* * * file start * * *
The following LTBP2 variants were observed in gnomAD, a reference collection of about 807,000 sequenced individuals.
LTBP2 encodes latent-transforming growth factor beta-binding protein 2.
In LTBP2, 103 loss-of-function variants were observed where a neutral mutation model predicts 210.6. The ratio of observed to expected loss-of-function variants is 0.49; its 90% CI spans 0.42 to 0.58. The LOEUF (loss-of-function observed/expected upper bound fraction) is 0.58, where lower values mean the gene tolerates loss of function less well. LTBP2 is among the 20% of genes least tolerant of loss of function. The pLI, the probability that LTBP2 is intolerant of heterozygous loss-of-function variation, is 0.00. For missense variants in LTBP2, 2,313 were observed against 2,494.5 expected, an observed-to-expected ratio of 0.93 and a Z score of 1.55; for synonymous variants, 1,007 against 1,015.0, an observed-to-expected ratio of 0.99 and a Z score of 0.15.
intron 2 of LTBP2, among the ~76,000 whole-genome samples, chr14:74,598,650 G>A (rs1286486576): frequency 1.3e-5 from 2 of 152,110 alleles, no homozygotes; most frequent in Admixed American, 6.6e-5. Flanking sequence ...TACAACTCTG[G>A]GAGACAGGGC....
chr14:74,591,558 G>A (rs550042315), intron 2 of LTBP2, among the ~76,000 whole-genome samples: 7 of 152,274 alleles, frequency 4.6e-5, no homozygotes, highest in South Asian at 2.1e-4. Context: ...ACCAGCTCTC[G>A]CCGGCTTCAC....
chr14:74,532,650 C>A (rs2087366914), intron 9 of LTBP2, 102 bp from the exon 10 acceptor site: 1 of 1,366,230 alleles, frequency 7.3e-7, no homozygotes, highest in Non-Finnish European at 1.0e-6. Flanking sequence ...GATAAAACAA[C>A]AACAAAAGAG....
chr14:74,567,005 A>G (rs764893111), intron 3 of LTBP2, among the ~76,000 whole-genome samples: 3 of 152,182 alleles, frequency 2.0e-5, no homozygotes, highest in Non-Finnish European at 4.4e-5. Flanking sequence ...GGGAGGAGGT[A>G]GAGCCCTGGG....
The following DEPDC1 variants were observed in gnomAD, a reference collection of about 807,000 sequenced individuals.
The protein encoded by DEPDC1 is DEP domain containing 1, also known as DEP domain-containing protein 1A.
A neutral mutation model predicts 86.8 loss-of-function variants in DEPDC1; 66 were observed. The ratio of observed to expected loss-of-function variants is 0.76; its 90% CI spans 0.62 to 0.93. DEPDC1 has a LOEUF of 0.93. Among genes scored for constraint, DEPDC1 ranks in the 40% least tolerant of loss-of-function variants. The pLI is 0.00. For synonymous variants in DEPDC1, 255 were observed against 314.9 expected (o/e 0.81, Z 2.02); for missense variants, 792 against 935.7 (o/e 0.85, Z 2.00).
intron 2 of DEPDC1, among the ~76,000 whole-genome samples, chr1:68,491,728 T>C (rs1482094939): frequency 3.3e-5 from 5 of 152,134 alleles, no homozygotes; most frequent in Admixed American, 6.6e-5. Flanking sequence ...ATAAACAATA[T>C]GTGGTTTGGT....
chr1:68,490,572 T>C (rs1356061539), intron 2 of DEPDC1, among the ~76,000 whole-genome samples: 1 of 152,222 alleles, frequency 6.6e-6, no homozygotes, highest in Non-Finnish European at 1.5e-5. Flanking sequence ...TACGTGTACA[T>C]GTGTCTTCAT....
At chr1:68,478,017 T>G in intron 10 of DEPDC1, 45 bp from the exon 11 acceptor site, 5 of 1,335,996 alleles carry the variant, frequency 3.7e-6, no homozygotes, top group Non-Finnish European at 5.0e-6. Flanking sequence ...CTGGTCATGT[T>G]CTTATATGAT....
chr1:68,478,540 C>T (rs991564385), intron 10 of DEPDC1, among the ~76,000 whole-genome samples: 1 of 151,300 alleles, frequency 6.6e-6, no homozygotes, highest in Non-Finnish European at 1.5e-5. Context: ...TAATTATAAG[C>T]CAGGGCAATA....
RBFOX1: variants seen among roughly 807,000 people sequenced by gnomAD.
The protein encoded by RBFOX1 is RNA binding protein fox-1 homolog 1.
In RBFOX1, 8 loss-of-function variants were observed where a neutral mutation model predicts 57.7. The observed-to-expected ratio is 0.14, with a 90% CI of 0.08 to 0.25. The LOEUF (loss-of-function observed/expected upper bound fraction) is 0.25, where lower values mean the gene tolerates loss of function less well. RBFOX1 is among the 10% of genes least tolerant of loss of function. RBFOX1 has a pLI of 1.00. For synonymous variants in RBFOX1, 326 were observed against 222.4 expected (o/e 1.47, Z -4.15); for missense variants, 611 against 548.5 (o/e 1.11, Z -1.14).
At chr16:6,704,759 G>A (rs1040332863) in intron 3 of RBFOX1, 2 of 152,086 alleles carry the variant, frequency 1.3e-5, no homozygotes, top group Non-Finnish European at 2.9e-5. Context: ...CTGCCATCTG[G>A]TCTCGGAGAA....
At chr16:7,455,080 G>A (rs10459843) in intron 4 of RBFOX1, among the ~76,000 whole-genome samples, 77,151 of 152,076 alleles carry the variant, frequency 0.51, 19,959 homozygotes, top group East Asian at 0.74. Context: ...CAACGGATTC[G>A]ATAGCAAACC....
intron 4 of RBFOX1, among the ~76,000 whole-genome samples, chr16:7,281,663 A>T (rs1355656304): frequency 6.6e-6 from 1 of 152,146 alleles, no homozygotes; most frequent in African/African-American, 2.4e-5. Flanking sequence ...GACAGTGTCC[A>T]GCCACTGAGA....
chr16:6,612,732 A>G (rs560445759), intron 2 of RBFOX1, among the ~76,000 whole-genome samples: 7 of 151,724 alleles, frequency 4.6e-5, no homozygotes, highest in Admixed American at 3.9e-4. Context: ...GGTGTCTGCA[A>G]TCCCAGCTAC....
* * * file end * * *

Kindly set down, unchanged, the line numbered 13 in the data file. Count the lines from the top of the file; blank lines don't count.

At chr1:68,478,017 T>G in intron 10 of DEPDC1, 45 bp from the exon 11 acceptor site, 5 of 1,335,996 alleles carry the variant, frequency 3.7e-6, no homozygotes, top group Non-Finnish European at 5.0e-6. Flanking sequence ...CTGGTCATGT[T>G]CTTATATGAT....